- The Washington Times - Saturday, June 9, 2001

Here we go again. The Supreme Court doesnt want to get into deciding what to do with the Ten Commandments. These are the same Ten Commandments that most of our laws are based upon, but at least six of the Supremes believe they violate the principle of the separation of church and state. The case revolves around a granite marker that bears the Commandments and has been in place in front of a city building for more than 40 years. Two city residents have sued to get rid of it.

What is interesting is the lower courts turned down the request. Are we to believe that lower courts are more in tune with the people than our Supremes? Naturally, the American Civil Liberties Union is supporting the two people who are upset by the presence of the commandments. Why they have to look at them, or even think about them, is not addressed. The court, acting like a grade-school teacher, is punishing the entire class because of the actions of a few rabble-rousers.

The separation of church and state battle has been going on for years. In this case, it would seem that the citizens of Elkhart, Ind., where the Commandments are displayed, could simply vote on the matter. If the majority of the people felt comfortable with displaying the Commandments, that should reason enough to keep them on the lawn. After all, the Supreme Court uses the same "majority rules" concept that built this country. Or are we to believe that a majority of five should cancel out the will of the majority of the people?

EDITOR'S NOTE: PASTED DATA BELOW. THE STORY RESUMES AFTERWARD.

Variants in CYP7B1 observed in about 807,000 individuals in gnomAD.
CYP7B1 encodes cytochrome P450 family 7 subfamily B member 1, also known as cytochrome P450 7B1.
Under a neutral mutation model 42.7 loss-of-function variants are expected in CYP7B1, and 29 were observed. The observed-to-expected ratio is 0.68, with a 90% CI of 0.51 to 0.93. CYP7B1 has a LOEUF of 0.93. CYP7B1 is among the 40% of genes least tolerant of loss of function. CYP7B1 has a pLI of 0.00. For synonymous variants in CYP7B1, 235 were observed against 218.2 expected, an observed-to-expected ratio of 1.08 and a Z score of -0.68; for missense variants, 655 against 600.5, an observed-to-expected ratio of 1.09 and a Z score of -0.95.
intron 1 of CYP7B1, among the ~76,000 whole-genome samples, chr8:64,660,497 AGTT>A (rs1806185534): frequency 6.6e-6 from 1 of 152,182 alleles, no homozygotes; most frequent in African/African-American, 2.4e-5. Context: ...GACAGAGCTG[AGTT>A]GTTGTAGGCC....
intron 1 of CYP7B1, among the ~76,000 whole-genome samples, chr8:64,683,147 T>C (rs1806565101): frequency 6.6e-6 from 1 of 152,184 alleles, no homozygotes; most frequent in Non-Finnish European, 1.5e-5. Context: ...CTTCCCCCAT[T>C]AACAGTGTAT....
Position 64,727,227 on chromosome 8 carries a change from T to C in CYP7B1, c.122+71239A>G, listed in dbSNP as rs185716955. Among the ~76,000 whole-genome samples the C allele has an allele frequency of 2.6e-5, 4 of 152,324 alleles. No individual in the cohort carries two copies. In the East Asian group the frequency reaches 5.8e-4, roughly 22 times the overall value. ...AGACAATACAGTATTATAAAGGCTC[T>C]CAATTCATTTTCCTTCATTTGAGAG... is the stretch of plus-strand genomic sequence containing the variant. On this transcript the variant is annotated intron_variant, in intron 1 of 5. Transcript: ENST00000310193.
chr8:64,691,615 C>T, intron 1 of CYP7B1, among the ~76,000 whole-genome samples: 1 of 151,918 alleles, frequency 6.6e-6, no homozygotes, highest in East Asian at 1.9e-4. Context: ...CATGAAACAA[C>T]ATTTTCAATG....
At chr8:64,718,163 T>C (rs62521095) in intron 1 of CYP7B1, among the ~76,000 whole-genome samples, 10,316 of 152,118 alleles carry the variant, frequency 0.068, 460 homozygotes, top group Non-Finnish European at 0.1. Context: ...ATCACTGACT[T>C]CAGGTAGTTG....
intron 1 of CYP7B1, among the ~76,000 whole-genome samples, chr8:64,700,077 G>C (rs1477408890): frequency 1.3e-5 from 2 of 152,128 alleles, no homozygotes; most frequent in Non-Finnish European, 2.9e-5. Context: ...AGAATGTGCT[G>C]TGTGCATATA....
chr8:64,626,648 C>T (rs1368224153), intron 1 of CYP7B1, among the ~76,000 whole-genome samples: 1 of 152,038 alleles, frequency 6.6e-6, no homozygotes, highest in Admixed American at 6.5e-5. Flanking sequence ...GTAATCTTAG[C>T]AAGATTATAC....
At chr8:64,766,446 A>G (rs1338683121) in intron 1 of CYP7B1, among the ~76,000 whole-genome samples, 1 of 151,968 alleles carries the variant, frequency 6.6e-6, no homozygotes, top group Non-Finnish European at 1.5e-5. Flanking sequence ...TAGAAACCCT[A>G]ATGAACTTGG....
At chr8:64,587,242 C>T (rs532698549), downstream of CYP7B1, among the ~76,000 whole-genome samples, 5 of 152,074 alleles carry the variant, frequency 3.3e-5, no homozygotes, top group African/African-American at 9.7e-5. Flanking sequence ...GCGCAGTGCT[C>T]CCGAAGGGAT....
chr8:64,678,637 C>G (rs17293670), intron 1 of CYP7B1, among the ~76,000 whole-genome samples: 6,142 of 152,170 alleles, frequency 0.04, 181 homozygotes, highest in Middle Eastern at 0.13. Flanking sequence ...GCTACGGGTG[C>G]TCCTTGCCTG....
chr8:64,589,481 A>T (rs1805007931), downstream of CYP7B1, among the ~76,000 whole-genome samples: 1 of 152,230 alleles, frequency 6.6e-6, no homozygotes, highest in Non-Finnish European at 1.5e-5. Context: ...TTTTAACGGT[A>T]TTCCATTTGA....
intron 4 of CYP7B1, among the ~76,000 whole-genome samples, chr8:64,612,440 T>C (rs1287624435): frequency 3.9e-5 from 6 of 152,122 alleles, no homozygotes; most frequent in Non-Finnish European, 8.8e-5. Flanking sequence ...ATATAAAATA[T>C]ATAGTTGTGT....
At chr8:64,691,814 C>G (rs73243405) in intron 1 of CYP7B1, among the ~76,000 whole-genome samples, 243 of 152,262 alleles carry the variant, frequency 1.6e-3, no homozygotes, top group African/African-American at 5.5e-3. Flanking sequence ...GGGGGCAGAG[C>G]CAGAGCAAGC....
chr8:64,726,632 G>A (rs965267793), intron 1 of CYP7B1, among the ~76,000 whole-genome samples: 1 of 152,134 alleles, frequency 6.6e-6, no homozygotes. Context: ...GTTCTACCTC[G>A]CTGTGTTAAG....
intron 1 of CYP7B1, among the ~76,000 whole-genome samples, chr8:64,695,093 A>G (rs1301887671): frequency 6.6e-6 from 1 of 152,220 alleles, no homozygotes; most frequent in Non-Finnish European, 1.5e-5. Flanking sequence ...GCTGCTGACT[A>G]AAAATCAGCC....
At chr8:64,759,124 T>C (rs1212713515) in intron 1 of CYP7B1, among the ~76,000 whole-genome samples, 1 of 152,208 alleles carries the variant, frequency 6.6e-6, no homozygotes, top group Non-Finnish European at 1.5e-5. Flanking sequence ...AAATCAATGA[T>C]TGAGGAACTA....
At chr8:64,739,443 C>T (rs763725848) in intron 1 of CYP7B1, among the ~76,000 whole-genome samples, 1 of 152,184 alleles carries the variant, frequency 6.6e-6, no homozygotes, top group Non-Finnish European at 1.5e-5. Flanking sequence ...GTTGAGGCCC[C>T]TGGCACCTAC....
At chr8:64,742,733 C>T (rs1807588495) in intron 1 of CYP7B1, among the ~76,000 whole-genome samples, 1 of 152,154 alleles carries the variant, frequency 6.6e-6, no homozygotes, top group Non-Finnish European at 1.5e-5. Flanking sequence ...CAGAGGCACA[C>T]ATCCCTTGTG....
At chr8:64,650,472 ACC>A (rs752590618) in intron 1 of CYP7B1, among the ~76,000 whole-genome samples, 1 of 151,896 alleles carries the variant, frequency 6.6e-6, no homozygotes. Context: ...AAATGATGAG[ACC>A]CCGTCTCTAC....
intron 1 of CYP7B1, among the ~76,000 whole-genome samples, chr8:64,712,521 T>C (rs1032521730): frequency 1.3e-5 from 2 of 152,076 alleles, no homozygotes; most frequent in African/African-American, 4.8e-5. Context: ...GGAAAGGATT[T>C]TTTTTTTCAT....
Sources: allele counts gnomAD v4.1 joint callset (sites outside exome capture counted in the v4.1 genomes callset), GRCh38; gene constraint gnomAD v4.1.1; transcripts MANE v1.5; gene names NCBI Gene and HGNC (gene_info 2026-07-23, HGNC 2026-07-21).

How can we be against commandments, or rules, or whatever you want to call them, that forbid us from killing, stealing and committing adultery? How long is it going to be before the government refuses to recognize Christmas as a holiday? Will the Supremes come in to work that day in protest? I don´t think so. We are looking at hypocritical Supreme Court decisions, and their credibility is suffering. We already say Yuletide instead of Christmas, and the Easter Bunny gets more press than the Crucifixion.

As long as our national motto is "In God We Trust," it´s hard to understand what we mean by separation. Granted, government should not preach, but to pretend we have a true separation of church and state with our motto on every dollar bill is preposterous. Our Founding Fathers mentioned God in the first paragraph of the Declaration of Independence. They even mention our Creator endowing us with certain rights. I suppose the Supremes would prefer the word Creator mean Mom and Pop.

Isn´t it strange how every time we have a serious national crisis, the president asks us to pray for a solution? We have a chaplain in the Senate and the House. We recognize churches as tax-free institutions. What kind of separation is that? It looks like a little togetherness is all right, but we don´t want to overdo it by displaying Commandments in schools, where they are needed most. The court tells us we can´t mention God in schools, but it´s OK to pass out condoms. These people need to get it together.

Dick Boland is a nationally syndicated columnist.

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